While companies take many considerations into account when looking at IP convergence strategies, there are two major factors to focus upon. The first is cost. By consolidating all of your services (phones, data, video, etc.) into one platform, you've only one account to maintain. Several companies offer IP convergence packages specifically designed to reduce a company's operational costs.
The second consideration is that all your traditionally discrete services will be lumped together into one delivery system. This comes with its own set of pros and cons. On the positive side, you only have to maintain one network. You don't require the services of multiple technicians to keep your various systems online and functional -- everything uses the same basic network.
That's also a downside. A single network also means a single point of failure. If for some reason that network should go down, a company would lose all functionality. The phones would no longer work, security camera feeds would be inaccessible and any other functions built into the system would no longer respond.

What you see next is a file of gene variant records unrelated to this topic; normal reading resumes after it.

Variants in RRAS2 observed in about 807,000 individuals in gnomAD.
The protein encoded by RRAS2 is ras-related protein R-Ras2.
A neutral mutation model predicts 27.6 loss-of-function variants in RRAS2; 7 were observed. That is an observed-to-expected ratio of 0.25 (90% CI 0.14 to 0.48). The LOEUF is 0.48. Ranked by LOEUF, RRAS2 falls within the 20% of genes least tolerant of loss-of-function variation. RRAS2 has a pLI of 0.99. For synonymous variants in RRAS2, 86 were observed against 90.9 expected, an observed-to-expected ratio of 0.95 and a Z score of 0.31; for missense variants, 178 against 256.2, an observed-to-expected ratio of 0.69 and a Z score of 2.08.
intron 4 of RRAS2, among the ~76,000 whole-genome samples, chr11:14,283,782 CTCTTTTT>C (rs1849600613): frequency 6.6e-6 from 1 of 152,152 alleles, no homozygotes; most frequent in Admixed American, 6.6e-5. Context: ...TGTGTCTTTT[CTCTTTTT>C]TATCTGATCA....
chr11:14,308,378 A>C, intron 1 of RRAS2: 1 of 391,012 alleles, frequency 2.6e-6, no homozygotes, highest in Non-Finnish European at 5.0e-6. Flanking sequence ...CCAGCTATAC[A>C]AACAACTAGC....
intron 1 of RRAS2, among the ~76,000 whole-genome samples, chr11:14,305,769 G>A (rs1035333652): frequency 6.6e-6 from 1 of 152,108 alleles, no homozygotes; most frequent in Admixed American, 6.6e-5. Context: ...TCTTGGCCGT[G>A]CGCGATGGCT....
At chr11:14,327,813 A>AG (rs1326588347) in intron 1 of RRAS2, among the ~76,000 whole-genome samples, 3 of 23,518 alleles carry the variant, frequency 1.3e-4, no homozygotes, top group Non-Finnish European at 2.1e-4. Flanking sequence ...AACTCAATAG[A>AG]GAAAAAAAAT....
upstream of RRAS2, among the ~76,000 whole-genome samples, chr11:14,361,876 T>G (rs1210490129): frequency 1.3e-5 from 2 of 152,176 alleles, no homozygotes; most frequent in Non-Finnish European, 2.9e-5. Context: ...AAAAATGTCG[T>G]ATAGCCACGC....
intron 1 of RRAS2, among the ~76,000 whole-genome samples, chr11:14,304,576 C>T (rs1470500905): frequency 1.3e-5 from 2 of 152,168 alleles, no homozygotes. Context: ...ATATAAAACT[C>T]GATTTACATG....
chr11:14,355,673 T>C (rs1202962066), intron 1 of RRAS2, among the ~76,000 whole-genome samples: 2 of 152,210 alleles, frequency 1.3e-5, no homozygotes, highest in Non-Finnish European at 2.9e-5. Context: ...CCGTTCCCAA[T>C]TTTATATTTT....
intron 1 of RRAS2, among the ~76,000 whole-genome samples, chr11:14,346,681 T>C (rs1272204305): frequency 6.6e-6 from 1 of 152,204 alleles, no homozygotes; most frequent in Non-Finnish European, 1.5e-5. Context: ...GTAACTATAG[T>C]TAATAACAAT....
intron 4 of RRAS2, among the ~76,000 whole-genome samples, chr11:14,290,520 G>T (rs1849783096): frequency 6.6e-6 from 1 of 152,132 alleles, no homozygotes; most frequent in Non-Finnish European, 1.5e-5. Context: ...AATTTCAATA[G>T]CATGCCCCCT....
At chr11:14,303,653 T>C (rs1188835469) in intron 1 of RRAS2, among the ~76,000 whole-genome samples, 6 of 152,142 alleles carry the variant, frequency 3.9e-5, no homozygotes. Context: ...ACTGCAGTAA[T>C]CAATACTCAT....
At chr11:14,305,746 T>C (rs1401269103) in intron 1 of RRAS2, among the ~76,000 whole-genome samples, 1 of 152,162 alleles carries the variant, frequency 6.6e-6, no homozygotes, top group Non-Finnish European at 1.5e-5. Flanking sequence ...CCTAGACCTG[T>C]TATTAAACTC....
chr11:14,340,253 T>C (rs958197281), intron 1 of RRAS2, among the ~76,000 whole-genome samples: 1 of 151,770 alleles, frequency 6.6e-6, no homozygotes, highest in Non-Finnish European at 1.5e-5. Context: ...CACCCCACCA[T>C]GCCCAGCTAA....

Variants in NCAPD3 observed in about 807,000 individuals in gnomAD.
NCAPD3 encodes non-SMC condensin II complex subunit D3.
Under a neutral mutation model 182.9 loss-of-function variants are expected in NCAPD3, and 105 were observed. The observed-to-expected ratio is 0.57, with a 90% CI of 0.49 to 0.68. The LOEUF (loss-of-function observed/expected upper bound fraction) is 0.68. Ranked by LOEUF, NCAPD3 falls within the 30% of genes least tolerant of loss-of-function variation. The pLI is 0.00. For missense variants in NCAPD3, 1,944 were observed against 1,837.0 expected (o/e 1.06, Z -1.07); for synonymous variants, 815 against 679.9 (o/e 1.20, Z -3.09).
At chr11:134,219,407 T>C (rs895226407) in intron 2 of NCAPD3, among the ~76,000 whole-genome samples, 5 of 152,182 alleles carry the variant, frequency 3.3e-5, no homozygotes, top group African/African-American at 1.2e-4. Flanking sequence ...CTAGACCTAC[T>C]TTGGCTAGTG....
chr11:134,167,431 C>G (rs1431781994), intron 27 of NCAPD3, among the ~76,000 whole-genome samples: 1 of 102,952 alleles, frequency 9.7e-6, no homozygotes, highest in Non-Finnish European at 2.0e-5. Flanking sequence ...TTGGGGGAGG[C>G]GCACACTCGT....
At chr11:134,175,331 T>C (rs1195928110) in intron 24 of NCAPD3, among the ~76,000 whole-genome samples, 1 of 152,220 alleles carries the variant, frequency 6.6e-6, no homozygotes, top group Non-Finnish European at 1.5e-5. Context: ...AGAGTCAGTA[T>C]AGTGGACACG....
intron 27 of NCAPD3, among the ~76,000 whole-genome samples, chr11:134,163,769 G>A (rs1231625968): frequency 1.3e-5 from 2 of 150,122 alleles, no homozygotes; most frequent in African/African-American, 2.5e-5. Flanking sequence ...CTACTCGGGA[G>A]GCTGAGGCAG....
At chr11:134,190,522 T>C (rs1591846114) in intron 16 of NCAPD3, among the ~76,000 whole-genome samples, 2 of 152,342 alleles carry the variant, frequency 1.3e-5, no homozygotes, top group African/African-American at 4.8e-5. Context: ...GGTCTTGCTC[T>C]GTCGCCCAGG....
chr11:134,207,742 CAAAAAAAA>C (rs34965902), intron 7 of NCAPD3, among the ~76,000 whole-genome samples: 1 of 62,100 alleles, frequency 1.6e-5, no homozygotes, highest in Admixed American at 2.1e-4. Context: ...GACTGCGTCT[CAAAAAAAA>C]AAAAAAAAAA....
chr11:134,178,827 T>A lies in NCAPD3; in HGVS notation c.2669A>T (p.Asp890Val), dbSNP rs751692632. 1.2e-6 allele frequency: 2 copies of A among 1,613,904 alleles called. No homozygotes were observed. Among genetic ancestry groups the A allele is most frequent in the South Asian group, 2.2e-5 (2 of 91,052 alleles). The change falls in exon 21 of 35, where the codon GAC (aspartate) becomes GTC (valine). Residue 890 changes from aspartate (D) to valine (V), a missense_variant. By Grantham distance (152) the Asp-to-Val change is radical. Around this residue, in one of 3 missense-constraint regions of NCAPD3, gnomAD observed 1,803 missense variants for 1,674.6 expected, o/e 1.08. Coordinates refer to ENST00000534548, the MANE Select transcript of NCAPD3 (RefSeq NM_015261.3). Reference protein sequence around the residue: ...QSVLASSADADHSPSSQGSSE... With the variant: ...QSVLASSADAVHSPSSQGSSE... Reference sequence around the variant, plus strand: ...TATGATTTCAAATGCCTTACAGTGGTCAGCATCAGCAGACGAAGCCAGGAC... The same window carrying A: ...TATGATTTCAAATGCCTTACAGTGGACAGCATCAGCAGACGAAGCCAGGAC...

Another benefit is that IP convergence allows companies to create a more mobile workforce. Employees can access corporate functions through the company's network, often by using a virtual private network (VPN). A VPN helps maintain corporate security by separating business traffic from other Internet traffic. Remote employees can use the Internet to access everything from corporate files to voicemail messages.
Since IP systems are interoperable and modifiable, they're flexible and adaptive. As new functions and features become available through technological advancements, companies and organizations can incorporate them into their existing systems without the need for new infrastructure.